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Please, Reverse the Selmer ban on breed specific dogs such as Pit Bulls.

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All dogs, regardless of breed, should be judged by their individual actions, and not banned because of what breed they are. For example, Pit Bull (Staffordshire Terriers), Rotweilers, German Shepherds, Doberman Pinchers, American Bulldogs, etc. In the majority of cases, it is the person who trains the dogs ' fault for bad behavior and not the breed of dog!

This is despite studies finding that bans on certain dog breeds do not reduce dog bites. Instead, it leads to shelters becoming overcrowded with gentle and innocent dogs who face being put down through no fault of their own, simply because they belong to a red-listed breed.

Legally, pets are considered to be the property of their owner. Taking that property away, or killing it, is a violation of our 14th Amendment right to liberty, property and to due process of law. Currently the ASPCA, the Animal Legal Defense Fund, the Humane Society of the US, the American Veterinary Medical Association, and the American Kennel Club are openly opposed to BSL in all capacities. They are the experts. We should trust their judgment.

Now, I totally understand that dogs in the Pit Bull family is at NUMBER 1.

I feel it is because Communities like ours just does the easiest thing and just makes a law. When everyone pushes those dogs away it makes more trouble for Shelters, Rescues, and others who are trying save there lives. I have owned and trained Pit bulls. Does anyone think on why the dogs bite and has it ever been a consideration that it was caused?

#1 - Pit Bull*
Attacks doing bodily harm: 3,397
Deaths: 295

#2 - Rottweiler
Attacks doing bodily harm: 535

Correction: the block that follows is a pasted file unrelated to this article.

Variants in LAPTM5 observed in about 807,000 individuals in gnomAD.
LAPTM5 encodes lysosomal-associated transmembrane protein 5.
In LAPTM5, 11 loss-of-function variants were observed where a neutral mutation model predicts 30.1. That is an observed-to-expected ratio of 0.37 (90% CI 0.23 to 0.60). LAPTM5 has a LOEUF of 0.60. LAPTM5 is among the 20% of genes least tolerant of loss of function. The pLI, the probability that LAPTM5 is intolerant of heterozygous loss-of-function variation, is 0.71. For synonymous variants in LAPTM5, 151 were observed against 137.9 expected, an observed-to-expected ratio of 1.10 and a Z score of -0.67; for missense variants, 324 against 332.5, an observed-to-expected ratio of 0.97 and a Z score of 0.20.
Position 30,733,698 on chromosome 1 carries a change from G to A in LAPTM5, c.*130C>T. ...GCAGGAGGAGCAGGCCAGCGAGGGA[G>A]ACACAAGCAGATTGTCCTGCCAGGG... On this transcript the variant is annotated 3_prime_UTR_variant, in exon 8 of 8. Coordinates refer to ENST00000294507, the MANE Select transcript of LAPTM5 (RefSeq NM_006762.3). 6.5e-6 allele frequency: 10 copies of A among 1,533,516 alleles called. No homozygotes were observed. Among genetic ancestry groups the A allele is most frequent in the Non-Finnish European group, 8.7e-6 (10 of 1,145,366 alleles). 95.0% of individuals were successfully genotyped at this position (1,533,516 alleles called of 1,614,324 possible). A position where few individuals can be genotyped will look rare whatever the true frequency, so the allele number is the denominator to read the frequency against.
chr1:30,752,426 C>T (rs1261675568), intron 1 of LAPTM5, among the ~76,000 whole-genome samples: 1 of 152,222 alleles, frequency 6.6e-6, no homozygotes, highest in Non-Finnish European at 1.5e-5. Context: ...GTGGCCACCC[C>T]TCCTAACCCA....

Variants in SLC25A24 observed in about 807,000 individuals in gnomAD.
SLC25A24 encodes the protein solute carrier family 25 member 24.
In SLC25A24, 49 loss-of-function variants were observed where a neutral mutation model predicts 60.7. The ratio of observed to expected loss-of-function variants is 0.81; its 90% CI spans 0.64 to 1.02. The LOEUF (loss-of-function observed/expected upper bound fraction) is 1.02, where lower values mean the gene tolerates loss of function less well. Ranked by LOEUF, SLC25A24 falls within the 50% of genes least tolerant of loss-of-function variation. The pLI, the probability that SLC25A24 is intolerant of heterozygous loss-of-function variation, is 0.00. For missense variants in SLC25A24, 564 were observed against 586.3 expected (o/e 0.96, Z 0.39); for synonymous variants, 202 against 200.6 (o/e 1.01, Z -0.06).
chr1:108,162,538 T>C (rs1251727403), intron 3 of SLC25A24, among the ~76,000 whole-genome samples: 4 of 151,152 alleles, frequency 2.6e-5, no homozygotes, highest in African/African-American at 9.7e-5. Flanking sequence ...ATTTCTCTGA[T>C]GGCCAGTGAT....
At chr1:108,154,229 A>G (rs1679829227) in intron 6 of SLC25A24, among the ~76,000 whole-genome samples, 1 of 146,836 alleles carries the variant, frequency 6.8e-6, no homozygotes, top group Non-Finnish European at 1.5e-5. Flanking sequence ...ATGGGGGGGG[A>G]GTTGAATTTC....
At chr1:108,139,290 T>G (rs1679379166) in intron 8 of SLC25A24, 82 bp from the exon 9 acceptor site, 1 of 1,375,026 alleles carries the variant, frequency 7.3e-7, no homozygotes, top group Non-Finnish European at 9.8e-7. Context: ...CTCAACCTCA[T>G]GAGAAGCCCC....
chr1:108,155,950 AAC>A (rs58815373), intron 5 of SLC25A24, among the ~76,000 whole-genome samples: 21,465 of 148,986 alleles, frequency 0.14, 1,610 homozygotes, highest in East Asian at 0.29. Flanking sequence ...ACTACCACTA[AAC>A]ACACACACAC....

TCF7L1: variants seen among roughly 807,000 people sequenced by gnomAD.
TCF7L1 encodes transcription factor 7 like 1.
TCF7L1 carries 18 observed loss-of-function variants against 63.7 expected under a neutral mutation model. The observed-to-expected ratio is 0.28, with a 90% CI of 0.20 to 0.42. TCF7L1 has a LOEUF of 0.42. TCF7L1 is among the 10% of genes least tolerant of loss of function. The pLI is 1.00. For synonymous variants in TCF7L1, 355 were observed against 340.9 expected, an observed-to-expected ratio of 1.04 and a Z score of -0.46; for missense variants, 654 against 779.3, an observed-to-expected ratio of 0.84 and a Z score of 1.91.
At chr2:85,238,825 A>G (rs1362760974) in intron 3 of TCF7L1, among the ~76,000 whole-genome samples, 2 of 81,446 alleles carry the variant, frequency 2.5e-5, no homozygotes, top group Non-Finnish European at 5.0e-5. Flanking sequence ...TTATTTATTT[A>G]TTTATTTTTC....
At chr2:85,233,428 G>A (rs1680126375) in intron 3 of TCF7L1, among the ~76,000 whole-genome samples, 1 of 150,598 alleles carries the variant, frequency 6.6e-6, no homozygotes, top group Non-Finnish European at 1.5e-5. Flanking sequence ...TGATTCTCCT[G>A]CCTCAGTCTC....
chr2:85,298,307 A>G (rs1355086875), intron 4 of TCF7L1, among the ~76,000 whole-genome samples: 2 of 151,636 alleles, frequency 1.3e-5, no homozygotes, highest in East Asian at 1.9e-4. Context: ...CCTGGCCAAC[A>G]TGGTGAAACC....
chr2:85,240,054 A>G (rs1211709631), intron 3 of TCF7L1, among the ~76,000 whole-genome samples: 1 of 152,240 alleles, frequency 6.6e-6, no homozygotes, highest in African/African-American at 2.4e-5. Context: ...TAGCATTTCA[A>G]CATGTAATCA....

Deaths: 85
One factor that could explain why Rottweilers appear so incredibly high in harmful attack statistics is the breed’s sheer strength and popularity among dog owners. As Clifton puts it, since they are so powerful, they are “capable of doing a great deal of damage in cases where bites by other breeds might be relatively harmless.

#3 - German Shepherd
Attacks doing bodily harm: 113
Deaths: 15
According to the report, “Because German shepherds often use the guiding nip and the grab-and-drag with children, who sometimes misread the dogs’ intentions and pull away in panic, they are involved in biting incidents at almost twice the rate that their numbers alone would predict.” This sort of nip and protective grab-and-drag are common traits among herding dogs

#4 - Siberian Husky
Attacks doing bodily harm: 83
Deaths: 26
Huskies are a common pet throughout America

#5 - Akita
Attacks doing bodily harm: 70
Deaths: 8
Akitas have a similar attack pattern to sled-pulling “Northern breeds” such as Huskies, though in the case of the latter breed, some of the attacks are deemed assaults by feral animals. Akita attacks have, however, mostly occurred in home situations.

#6 - Boxer
Attacks doing bodily harm: 64
Deaths: 7
Boxers are known for having very strong jaws, so their powerful bites can also be harmful to humans.

#7 - Chow Chow